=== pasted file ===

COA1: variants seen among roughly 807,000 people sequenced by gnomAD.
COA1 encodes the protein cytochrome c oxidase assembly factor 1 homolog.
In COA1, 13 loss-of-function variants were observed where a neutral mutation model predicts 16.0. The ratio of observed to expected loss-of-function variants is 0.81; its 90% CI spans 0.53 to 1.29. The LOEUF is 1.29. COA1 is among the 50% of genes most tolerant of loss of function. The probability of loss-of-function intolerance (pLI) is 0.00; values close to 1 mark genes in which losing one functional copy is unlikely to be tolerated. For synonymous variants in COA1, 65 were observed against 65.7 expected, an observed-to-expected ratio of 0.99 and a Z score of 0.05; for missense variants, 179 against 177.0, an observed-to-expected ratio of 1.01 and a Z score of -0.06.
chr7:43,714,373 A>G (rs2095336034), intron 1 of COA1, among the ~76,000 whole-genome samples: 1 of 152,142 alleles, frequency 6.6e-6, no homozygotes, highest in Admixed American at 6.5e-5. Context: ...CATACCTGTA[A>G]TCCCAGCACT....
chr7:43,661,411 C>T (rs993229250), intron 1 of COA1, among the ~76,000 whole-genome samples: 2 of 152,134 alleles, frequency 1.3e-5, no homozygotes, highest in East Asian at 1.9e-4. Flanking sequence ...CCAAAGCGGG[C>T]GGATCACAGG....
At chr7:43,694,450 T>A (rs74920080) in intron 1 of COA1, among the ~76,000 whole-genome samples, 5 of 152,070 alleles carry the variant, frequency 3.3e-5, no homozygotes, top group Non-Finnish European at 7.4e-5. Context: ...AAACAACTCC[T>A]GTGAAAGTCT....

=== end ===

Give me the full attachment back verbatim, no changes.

COA1: variants seen among roughly 807,000 people sequenced by gnomAD.
COA1 encodes the protein cytochrome c oxidase assembly factor 1 homolog.
In COA1, 13 loss-of-function variants were observed where a neutral mutation model predicts 16.0. The ratio of observed to expected loss-of-function variants is 0.81; its 90% CI spans 0.53 to 1.29. The LOEUF is 1.29. COA1 is among the 50% of genes most tolerant of loss of function. The probability of loss-of-function intolerance (pLI) is 0.00; values close to 1 mark genes in which losing one functional copy is unlikely to be tolerated. For synonymous variants in COA1, 65 were observed against 65.7 expected, an observed-to-expected ratio of 0.99 and a Z score of 0.05; for missense variants, 179 against 177.0, an observed-to-expected ratio of 1.01 and a Z score of -0.06.
chr7:43,714,373 A>G (rs2095336034), intron 1 of COA1, among the ~76,000 whole-genome samples: 1 of 152,142 alleles, frequency 6.6e-6, no homozygotes, highest in Admixed American at 6.5e-5. Context: ...CATACCTGTA[A>G]TCCCAGCACT....
chr7:43,661,411 C>T (rs993229250), intron 1 of COA1, among the ~76,000 whole-genome samples: 2 of 152,134 alleles, frequency 1.3e-5, no homozygotes, highest in East Asian at 1.9e-4. Flanking sequence ...CCAAAGCGGG[C>T]GGATCACAGG....
At chr7:43,694,450 T>A (rs74920080) in intron 1 of COA1, among the ~76,000 whole-genome samples, 5 of 152,070 alleles carry the variant, frequency 3.3e-5, no homozygotes, top group Non-Finnish European at 7.4e-5. Context: ...AAACAACTCC[T>A]GTGAAAGTCT....